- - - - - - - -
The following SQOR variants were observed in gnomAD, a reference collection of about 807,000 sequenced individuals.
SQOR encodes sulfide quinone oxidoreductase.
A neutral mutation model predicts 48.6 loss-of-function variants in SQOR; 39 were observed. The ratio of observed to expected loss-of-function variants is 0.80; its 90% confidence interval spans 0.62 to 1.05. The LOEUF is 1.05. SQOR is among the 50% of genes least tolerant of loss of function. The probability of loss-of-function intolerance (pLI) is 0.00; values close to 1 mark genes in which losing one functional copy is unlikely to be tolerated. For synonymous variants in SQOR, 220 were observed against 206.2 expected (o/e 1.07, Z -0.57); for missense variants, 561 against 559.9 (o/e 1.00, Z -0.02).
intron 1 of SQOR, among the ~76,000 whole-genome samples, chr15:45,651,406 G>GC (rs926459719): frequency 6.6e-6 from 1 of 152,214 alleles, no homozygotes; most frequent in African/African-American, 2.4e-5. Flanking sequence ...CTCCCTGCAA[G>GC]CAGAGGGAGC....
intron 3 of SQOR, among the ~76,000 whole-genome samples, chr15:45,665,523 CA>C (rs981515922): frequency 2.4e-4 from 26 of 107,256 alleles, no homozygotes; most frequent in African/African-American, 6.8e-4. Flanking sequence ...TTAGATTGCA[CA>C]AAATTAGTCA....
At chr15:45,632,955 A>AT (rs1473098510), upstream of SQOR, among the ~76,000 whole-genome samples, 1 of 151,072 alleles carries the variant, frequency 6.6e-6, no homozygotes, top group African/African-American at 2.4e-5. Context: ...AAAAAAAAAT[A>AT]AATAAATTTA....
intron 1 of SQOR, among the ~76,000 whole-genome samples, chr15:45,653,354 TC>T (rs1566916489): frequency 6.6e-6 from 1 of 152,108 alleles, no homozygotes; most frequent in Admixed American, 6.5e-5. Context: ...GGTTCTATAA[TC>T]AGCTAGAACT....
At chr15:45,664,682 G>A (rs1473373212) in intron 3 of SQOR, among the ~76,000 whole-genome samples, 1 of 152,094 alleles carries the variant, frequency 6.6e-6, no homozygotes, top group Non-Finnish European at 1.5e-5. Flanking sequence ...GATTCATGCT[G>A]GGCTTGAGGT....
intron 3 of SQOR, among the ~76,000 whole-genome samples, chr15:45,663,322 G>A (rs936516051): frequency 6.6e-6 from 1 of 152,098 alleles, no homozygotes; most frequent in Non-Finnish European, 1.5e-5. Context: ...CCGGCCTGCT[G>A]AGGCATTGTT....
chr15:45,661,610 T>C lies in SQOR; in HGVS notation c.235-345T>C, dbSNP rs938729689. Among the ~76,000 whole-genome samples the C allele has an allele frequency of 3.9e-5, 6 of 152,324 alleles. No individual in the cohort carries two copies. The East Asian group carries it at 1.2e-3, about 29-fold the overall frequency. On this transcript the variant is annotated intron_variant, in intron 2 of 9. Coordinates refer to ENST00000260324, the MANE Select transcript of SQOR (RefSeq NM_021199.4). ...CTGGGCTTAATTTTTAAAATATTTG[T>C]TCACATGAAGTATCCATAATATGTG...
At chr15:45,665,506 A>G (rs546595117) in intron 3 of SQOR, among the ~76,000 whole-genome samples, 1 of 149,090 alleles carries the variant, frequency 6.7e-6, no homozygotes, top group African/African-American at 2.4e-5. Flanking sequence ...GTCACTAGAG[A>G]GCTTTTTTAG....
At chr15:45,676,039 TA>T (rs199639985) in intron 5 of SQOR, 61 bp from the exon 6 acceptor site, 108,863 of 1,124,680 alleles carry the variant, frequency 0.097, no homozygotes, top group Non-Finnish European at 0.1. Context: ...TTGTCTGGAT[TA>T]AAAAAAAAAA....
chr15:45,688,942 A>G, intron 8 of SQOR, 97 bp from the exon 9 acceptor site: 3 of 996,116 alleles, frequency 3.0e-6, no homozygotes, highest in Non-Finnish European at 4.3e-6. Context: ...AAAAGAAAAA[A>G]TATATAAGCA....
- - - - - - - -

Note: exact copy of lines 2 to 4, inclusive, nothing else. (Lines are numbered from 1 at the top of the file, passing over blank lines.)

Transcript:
SQOR encodes sulfide quinone oxidoreductase.
A neutral mutation model predicts 48.6 loss-of-function variants in SQOR; 39 were observed. The ratio of observed to expected loss-of-function variants is 0.80; its 90% confidence interval spans 0.62 to 1.05. The LOEUF is 1.05. SQOR is among the 50% of genes least tolerant of loss of function. The probability of loss-of-function intolerance (pLI) is 0.00; values close to 1 mark genes in which losing one functional copy is unlikely to be tolerated. For synonymous variants in SQOR, 220 were observed against 206.2 expected (o/e 1.07, Z -0.57); for missense variants, 561 against 559.9 (o/e 1.00, Z -0.02).
intron 1 of SQOR, among the ~76,000 whole-genome samples, chr15:45,651,406 G>GC (rs926459719): frequency 6.6e-6 from 1 of 152,214 alleles, no homozygotes; most frequent in African/African-American, 2.4e-5. Flanking sequence ...CTCCCTGCAA[G>GC]CAGAGGGAGC....